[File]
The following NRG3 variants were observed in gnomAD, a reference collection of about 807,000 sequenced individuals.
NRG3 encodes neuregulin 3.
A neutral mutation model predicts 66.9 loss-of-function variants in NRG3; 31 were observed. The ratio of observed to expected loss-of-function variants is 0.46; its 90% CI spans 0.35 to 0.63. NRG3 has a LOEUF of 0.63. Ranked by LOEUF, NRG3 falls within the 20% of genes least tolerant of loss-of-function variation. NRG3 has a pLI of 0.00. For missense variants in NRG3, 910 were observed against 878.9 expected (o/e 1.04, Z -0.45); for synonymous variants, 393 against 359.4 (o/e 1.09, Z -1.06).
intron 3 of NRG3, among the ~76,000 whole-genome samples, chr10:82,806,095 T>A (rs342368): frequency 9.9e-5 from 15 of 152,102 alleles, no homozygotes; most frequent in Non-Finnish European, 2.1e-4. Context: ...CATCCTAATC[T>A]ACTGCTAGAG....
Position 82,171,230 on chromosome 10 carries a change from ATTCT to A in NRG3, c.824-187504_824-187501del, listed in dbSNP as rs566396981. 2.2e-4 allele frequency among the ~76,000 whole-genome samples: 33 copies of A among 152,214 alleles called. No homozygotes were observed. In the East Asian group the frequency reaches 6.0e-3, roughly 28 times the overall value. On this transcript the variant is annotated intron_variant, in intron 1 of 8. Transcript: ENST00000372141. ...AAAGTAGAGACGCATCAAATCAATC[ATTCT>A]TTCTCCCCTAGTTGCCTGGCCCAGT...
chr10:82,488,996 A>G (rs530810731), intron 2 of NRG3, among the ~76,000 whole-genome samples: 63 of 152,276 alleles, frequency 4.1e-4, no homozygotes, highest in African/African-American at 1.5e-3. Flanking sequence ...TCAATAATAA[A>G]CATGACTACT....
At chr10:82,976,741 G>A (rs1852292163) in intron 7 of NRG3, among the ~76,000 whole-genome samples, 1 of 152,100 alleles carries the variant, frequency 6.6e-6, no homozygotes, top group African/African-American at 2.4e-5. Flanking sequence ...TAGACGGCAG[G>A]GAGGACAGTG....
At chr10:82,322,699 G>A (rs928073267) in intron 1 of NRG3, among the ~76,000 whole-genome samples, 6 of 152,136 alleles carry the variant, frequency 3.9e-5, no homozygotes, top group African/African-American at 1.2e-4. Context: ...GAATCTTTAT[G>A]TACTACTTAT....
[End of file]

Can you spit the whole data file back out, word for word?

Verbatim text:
The following NRG3 variants were observed in gnomAD, a reference collection of about 807,000 sequenced individuals.
NRG3 encodes neuregulin 3.
A neutral mutation model predicts 66.9 loss-of-function variants in NRG3; 31 were observed. The ratio of observed to expected loss-of-function variants is 0.46; its 90% CI spans 0.35 to 0.63. NRG3 has a LOEUF of 0.63. Ranked by LOEUF, NRG3 falls within the 20% of genes least tolerant of loss-of-function variation. NRG3 has a pLI of 0.00. For missense variants in NRG3, 910 were observed against 878.9 expected (o/e 1.04, Z -0.45); for synonymous variants, 393 against 359.4 (o/e 1.09, Z -1.06).
intron 3 of NRG3, among the ~76,000 whole-genome samples, chr10:82,806,095 T>A (rs342368): frequency 9.9e-5 from 15 of 152,102 alleles, no homozygotes; most frequent in Non-Finnish European, 2.1e-4. Context: ...CATCCTAATC[T>A]ACTGCTAGAG....
Position 82,171,230 on chromosome 10 carries a change from ATTCT to A in NRG3, c.824-187504_824-187501del, listed in dbSNP as rs566396981. 2.2e-4 allele frequency among the ~76,000 whole-genome samples: 33 copies of A among 152,214 alleles called. No homozygotes were observed. In the East Asian group the frequency reaches 6.0e-3, roughly 28 times the overall value. On this transcript the variant is annotated intron_variant, in intron 1 of 8. Transcript: ENST00000372141. ...AAAGTAGAGACGCATCAAATCAATC[ATTCT>A]TTCTCCCCTAGTTGCCTGGCCCAGT...
chr10:82,488,996 A>G (rs530810731), intron 2 of NRG3, among the ~76,000 whole-genome samples: 63 of 152,276 alleles, frequency 4.1e-4, no homozygotes, highest in African/African-American at 1.5e-3. Flanking sequence ...TCAATAATAA[A>G]CATGACTACT....
At chr10:82,976,741 G>A (rs1852292163) in intron 7 of NRG3, among the ~76,000 whole-genome samples, 1 of 152,100 alleles carries the variant, frequency 6.6e-6, no homozygotes, top group African/African-American at 2.4e-5. Flanking sequence ...TAGACGGCAG[G>A]GAGGACAGTG....
At chr10:82,322,699 G>A (rs928073267) in intron 1 of NRG3, among the ~76,000 whole-genome samples, 6 of 152,136 alleles carry the variant, frequency 3.9e-5, no homozygotes, top group African/African-American at 1.2e-4. Context: ...GAATCTTTAT[G>A]TACTACTTAT....